AstraZeneca's COVID-19 shot did not increase the instances of rare blood clots with low platelets in people after the second dose, a study shows, potentially easing some worries over the vaccine's side-effects.
Data published in the Lancet medical journal found that the estimated rate of thrombosis with thrombocytopenia syndrome (TTS) after the second dose of the vaccine was 2.3 per million in those inoculated, comparable to the typical rate seen in those who have not been vaccinated, AstraZeneca said.
That rate was 8.1 after the first dose, it added.
The research, led and funded by AstraZeneca, evaluated reported cases occurring within 14 days of administration of the first or second dose as of April 30, using the Anglo-Swedish drugmaker's global safety database.
"Unless TTS was identified after the first dose, these results support the administration of the two-dose schedule of Vaxzevria, as indicated, to help provide protection against COVID-19 including against rising variants of concern," said AstraZeneca senior executive Mene Pangalos.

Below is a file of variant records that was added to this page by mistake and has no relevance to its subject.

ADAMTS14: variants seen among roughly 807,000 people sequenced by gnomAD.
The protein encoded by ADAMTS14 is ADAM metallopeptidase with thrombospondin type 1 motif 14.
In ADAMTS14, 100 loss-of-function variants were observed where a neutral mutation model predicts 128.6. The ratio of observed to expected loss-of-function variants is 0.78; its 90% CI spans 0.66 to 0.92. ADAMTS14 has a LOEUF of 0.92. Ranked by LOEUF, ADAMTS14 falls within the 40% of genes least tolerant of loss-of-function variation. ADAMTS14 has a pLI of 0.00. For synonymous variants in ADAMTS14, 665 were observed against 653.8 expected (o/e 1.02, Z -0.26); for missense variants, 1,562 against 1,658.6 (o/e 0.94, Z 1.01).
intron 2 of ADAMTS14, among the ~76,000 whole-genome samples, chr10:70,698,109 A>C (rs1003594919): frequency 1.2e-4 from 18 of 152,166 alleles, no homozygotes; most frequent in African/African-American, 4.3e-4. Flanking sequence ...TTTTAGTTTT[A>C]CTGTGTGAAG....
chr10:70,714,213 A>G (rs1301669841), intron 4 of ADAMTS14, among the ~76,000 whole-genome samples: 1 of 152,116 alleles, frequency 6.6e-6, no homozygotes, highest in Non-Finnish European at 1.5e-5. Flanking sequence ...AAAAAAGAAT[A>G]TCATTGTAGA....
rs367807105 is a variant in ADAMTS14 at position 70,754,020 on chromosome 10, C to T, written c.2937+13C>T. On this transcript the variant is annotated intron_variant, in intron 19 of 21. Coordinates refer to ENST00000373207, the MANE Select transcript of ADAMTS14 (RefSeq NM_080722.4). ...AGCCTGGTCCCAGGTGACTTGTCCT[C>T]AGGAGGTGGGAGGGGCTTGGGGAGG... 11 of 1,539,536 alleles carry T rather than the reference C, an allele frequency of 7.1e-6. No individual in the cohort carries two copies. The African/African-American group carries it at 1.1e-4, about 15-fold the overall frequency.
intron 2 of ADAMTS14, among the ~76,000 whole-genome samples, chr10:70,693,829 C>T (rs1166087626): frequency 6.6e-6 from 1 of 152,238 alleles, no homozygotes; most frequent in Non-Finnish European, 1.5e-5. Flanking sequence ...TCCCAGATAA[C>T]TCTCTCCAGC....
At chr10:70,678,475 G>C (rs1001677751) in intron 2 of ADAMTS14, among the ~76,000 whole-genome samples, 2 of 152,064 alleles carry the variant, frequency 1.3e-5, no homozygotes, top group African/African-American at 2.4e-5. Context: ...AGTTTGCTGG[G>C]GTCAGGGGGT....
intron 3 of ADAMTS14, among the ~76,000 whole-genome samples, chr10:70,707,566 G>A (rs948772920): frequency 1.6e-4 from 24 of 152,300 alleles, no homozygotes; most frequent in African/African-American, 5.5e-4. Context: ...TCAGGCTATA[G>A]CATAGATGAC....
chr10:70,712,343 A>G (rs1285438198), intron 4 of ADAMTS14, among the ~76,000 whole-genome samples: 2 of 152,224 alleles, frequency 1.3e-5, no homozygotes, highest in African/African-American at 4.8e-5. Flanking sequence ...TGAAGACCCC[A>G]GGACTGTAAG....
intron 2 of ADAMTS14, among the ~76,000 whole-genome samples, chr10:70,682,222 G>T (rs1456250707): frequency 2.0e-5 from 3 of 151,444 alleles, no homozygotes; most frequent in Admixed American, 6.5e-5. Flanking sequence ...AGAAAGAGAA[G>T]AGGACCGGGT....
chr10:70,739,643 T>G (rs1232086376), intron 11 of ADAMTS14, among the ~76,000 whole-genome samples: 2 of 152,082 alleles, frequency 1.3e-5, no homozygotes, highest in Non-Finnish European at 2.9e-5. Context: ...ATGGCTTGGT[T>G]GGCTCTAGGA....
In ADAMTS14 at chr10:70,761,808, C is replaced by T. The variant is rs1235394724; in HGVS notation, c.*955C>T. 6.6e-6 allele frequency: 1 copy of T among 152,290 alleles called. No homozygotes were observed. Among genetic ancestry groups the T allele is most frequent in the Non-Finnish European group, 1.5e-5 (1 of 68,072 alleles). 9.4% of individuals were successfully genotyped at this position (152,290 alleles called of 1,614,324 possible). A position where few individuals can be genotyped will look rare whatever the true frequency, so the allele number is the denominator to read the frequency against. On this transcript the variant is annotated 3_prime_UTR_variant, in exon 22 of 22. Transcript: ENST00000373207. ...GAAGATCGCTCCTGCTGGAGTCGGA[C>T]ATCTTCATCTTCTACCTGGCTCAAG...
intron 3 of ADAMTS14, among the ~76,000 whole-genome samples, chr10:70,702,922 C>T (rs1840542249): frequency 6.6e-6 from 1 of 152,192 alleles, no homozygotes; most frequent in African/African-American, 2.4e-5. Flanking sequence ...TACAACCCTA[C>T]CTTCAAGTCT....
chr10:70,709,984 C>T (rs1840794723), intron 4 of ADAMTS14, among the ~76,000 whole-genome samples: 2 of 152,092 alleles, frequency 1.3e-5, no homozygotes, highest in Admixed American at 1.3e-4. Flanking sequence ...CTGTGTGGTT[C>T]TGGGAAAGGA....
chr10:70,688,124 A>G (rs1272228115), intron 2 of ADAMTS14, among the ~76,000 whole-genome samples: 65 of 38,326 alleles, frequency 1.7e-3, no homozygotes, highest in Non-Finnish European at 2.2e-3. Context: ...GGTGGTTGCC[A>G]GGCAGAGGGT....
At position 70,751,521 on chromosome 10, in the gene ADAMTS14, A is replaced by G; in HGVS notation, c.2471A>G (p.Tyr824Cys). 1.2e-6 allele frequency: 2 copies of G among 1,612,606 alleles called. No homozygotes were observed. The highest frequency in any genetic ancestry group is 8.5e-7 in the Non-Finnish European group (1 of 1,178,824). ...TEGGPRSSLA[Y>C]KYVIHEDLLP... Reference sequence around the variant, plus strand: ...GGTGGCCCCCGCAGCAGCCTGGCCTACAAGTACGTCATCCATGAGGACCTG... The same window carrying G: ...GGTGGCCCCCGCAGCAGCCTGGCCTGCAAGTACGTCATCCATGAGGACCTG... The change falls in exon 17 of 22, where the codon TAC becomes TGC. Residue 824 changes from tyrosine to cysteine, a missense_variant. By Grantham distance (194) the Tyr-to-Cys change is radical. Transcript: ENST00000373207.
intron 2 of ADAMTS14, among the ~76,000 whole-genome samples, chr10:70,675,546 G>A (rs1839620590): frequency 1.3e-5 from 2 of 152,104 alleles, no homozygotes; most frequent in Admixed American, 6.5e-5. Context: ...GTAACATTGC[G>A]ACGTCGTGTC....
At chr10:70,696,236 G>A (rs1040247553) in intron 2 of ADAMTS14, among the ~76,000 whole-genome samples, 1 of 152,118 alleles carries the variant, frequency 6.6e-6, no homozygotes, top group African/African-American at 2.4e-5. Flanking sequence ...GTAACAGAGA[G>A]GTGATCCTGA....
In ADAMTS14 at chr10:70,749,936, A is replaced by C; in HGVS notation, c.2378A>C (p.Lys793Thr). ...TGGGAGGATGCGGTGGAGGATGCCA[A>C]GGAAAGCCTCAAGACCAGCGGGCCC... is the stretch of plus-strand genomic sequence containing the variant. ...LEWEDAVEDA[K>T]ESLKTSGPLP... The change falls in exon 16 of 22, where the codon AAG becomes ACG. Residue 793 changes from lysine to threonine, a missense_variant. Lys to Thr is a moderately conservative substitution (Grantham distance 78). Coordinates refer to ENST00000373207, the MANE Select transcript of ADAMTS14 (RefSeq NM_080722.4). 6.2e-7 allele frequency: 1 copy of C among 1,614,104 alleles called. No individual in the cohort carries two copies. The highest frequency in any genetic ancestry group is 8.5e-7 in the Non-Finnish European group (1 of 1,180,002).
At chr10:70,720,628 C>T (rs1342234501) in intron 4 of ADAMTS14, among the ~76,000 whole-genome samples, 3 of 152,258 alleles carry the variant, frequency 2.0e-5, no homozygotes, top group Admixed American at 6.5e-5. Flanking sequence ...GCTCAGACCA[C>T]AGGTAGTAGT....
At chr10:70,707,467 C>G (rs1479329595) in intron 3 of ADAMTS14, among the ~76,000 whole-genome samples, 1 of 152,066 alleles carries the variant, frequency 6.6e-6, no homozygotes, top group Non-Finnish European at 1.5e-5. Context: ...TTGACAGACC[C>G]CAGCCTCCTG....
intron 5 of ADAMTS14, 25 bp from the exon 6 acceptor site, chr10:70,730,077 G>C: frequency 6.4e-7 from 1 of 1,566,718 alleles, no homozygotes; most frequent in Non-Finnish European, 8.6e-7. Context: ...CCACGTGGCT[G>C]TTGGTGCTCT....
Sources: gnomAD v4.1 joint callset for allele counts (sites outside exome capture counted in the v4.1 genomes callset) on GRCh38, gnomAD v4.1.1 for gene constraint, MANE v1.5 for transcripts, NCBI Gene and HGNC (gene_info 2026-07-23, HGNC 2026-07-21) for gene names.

AstraZeneca's shot, invented by Oxford University, has fallen behind in the vaccine race after several blows, including production delays, a lawsuit and possible links to some rare, but severe side-effects, including TTS, that are being probed by regulators.
The EU drug regulator has been looking into cases of TTS since March and has found a possible link to Vaxzevria, and to Johnson & Johnson's single-dose shot. It has, however, maintained that overall benefits of both the vaccines outweigh any risks posed by them.
A total of 316 cases of TTS were recorded in adults who received AstraZeneca's COVID-19 vaccine in the European Economic Area, authorities had said on May 28.
Australian Associated Press